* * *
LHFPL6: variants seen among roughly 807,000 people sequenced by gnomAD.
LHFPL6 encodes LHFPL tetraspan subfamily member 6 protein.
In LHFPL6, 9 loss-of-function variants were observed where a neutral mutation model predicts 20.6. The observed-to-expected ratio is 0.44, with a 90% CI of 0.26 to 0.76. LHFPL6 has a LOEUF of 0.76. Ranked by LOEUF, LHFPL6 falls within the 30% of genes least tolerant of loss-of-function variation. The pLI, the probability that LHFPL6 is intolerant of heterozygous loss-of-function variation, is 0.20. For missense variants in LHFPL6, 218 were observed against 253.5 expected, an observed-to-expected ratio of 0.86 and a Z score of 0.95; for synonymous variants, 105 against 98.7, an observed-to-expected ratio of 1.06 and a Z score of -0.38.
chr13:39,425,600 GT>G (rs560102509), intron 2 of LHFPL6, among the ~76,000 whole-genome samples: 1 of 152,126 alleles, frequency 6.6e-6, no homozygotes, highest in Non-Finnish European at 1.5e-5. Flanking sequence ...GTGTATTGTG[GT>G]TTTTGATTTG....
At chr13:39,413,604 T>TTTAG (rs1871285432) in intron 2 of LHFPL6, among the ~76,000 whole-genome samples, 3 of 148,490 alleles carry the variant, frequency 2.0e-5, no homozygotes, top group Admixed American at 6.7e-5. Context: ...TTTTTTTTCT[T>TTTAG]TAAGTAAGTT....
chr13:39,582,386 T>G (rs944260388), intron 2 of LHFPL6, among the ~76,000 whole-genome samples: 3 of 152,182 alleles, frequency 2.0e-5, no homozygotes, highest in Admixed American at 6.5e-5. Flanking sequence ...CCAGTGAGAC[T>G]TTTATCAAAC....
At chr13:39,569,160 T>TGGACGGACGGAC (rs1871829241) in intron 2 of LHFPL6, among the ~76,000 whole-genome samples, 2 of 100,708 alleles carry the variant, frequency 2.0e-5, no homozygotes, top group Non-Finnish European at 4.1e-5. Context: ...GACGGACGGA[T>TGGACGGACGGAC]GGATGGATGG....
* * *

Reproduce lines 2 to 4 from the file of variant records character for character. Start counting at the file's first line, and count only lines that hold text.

LHFPL6 encodes LHFPL tetraspan subfamily member 6 protein.
In LHFPL6, 9 loss-of-function variants were observed where a neutral mutation model predicts 20.6. The observed-to-expected ratio is 0.44, with a 90% CI of 0.26 to 0.76. LHFPL6 has a LOEUF of 0.76. Ranked by LOEUF, LHFPL6 falls within the 30% of genes least tolerant of loss-of-function variation. The pLI, the probability that LHFPL6 is intolerant of heterozygous loss-of-function variation, is 0.20. For missense variants in LHFPL6, 218 were observed against 253.5 expected, an observed-to-expected ratio of 0.86 and a Z score of 0.95; for synonymous variants, 105 against 98.7, an observed-to-expected ratio of 1.06 and a Z score of -0.38.
chr13:39,425,600 GT>G (rs560102509), intron 2 of LHFPL6, among the ~76,000 whole-genome samples: 1 of 152,126 alleles, frequency 6.6e-6, no homozygotes, highest in Non-Finnish European at 1.5e-5. Flanking sequence ...GTGTATTGTG[GT>G]TTTTGATTTG....